Get the speaker's manual so that you can fill out the Evaluation Guide. Here are some key points from the Art of Effective Evaluation Workshop, one of a series of Leadership Workshops made available to us through Toastmasters International. Evaluations are the key to how we improve as speakers. Feedback lets us know how we are improving and gives us ideas for changing our behavior. Each speech iterates this cycle.  The evaluator has three roles. 

Motivator. Fuel the speaker's desire for improvement. Encourage and inspire the speaker. 

Facilitator. Show the speaker how to improve. (Give constructive criticism: suggest alternatives to areas that you think could be tried differently next time. It is safest to use "I" language when doing this. For example, "I found the noise your pen was making as you were clicking it throughout the speech distracting. You could try keeping your pen in your lapel pocket or placing it on the lectern while you are speaking. "This kind of criticism is easier to accept than "Everyone thought the pen noise was terribly distracting "Did you poll everyone in the room? How would you know?) 

Counselor. When evaluating someone who fears speaking, do whatever it takes to get that person back for his or her next speech! Self-esteem is the key to personal growth. Self-esteem is how we feel about ourselves. We all need affirmation that we are doing well every time we try a new activity (such as public speaking). The Toastmasters program should build and protect self-esteem. Evaluators should be genuine, recognize strengths, recognize improvement, motivate, avoid value judgments, provide positive direction/suggestions, and avoid white-washing.

Ten behaviors of an effective evaluator are:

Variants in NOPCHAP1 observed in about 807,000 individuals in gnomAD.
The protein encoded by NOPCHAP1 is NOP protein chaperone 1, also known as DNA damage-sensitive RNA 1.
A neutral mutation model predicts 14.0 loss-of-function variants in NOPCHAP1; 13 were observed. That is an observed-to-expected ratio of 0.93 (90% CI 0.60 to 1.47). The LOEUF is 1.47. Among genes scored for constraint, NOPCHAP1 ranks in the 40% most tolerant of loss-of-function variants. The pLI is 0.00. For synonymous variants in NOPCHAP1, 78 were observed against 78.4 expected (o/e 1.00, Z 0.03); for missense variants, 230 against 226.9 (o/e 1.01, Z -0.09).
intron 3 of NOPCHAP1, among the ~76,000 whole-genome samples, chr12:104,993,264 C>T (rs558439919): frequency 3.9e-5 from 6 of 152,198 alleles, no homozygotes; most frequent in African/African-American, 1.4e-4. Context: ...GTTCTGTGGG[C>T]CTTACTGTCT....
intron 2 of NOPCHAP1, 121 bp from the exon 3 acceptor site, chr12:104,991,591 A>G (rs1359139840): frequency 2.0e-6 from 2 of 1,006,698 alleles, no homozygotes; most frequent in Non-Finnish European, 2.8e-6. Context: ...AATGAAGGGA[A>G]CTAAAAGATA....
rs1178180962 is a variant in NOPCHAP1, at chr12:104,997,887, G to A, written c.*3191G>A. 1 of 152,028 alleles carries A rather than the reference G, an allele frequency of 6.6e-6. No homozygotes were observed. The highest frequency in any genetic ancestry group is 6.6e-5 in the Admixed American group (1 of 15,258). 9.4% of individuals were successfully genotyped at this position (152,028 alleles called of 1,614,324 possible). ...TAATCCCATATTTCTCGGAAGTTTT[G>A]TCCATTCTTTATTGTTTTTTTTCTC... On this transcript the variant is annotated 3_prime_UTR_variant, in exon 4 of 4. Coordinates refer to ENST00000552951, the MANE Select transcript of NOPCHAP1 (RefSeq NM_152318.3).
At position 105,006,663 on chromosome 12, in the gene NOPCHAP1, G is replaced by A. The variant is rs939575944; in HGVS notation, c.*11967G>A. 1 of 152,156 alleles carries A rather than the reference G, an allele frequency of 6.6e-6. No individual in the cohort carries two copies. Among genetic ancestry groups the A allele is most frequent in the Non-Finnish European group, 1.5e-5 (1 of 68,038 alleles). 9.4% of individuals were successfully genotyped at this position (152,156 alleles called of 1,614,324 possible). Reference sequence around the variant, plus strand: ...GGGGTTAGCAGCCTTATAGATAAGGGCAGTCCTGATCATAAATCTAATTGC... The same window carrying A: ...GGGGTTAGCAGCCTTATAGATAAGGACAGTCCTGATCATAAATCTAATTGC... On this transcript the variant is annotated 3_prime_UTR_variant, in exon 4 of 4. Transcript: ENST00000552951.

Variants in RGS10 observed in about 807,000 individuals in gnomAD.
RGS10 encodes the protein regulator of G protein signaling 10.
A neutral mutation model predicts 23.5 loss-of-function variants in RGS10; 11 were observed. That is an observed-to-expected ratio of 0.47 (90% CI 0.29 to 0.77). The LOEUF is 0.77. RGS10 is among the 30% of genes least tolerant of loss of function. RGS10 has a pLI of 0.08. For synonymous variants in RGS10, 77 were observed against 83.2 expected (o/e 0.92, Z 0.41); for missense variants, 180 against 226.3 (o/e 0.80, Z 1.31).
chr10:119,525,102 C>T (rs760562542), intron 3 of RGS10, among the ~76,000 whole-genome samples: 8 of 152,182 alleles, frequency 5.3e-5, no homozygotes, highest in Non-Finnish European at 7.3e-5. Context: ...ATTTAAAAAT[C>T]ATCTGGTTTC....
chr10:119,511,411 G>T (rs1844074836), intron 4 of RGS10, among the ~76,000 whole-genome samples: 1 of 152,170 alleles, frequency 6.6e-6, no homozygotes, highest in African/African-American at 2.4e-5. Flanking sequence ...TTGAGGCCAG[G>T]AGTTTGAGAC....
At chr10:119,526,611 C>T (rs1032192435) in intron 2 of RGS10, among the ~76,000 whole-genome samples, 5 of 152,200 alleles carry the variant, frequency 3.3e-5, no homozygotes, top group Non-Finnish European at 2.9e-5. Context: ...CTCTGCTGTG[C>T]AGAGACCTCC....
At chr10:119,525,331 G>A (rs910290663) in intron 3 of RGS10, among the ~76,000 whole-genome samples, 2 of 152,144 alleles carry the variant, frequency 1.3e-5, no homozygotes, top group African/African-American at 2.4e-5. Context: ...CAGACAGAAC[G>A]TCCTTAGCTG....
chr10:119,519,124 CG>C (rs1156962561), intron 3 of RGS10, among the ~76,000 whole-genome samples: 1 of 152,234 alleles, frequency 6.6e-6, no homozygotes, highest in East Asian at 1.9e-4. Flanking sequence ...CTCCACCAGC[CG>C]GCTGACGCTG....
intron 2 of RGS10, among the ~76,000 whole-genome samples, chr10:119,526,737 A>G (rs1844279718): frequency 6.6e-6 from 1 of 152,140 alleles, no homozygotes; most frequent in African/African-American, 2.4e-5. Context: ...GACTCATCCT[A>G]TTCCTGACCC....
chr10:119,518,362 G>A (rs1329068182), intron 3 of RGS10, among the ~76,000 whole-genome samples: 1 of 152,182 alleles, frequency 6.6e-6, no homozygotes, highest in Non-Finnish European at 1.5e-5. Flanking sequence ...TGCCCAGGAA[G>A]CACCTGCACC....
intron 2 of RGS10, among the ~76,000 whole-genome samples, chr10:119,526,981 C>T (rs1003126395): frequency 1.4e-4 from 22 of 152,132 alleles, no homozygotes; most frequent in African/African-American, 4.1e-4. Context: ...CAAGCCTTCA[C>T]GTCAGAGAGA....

1. Show that you care. (Be sincere. Do not white wash). 
2. Suit your evaluation to the speaker (e.g. their level of experience and personal style). 
3. Learn the speaker's objectives (easy! ask them!)
4. Listen actively. (Be alert. Get inside their head. Listen with your eyes. Match content with delivery).
5. Personalize your language. (e.g., "I think," "This is the effect your speech had on me")
6. Give positive reinforcement. (Avoid hollow flattery. Reinforcing strengths is very powerful! Builds self-esteem.) 
7. Help the speaker become motivated. (Recognize potential. Focus on what they did well that met speech objectives). 
8. Evaluate the behavior--not the person. 
9. Nourish self-esteem. (End evaluation on a positive note. Recognize strengths). 
10. Show the speaker how to improve. (Give examples of how to do better. Try to give two to three suggestions and examples). 

After the Meeting:

Return the manual to the speaker. (You may wish to borrow it for a day to fill in the evaluation form more fully. This is between you and the speaker.) Add a verbal word of encouragement to the speaker.

Helpful Videos on how to Evaluate Speeches

Toastmasters - Giving An Evaluation That's Worth A Darn
Chris Swanson, Memorial Hospital Toastmasters


Speech Evaluation Workshop (4 parts)
Harry from Emerging Speakers Toastmasters